How can we make the university sector a more pleasant place to work? Bullying and harassment (whether of a sexual nature or not) are, it would appear, endemic across the higher education sector, for staff and students alike. Every survey highlights the issue as a major problem, deterring many from continuing in the path they had set their heart on and perhaps expended many years of effort in an attempt to find their niche. Both Amanda Solloway, the Science Minister, and Ottoline Leyser, as CEO of UKRI, have placed research culture prominently in their respective agendas, although that phrase obviously encompasses far more than these behavioural aspects, most notably extending to the precarity of employment endured by many early career researchers.
Universities need to find ways of ensuring that that those at the receiving end of unacceptable behaviour feel confident in the system available to them to come forward and report abuse and, equally, that offenders are identified and sanctioned appropriately. I fear few institutions would currently have confidence their processes satisfy either of those statements, even if they have plenty of optimistic sentences on their websites.
The University of Cambridge has launched a new ‘Change the Culture’ strategy today, with the aim of moving this agenda forward within the University. The full policy runs to many pages of definitions and detailed steps to be undertaken, but the key points are simple enough:
- A new, confidential reporting system (Report and Support) where any staff member or student can report inappropriate behaviour of other staff or students either anonymously or formally with contact details. By collecting data and anonymous case studies it will be possible to get a better idea of what is going on.
- The University has had for many years a so-called Dignity at Work policy, and this will be morphing into the new staff Mutual Respect Policy and Code of Behaviour. No one should be any doubt about the University’s expectations around behaviour.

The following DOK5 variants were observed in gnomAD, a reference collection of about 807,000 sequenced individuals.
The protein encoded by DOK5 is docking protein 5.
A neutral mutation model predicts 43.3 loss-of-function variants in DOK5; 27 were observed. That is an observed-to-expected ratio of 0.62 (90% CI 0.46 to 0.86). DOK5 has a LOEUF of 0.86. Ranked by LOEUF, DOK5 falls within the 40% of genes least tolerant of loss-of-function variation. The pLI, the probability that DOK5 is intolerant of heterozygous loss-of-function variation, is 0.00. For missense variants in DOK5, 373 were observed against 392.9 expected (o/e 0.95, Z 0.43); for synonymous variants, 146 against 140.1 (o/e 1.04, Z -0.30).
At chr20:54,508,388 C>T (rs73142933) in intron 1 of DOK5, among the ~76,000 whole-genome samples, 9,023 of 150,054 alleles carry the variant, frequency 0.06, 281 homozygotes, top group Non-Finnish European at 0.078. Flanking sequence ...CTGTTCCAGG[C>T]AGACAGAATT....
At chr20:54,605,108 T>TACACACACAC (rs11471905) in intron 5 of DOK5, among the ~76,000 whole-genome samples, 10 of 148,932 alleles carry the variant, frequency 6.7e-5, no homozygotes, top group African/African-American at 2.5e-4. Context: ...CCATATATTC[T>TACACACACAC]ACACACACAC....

- Grievance Policies will be stream-lined to provide clearer and quicker process for resolving incidents of inappropriate behaviour. Alongside this there will be enhanced support services for those who have either experienced or exhibited inappropriate behaviour and new staff training resources.
This is all well and good, but of course the proof of the pudding is in the eating. Time will tell how well these new policies work. I believe the ‘Breaking the Silence’ campaign, launched here four years ago, has had some significant impact across the University as regards the incidence, reporting and handling of sexual harassment cases. A more recent campaign has provided bystander training specifically aimed at students, teaching them how and when to intervene, in particular with regard to such sexual harassment and assault. I attended one of the training sessions and was tremendously impressed by the thought-provoking films, demonstrating where intervention could have made all the difference. For student attendees the initial briefing was followed by role plays, so that they could practice different ways of stepping in before matters got out of hand.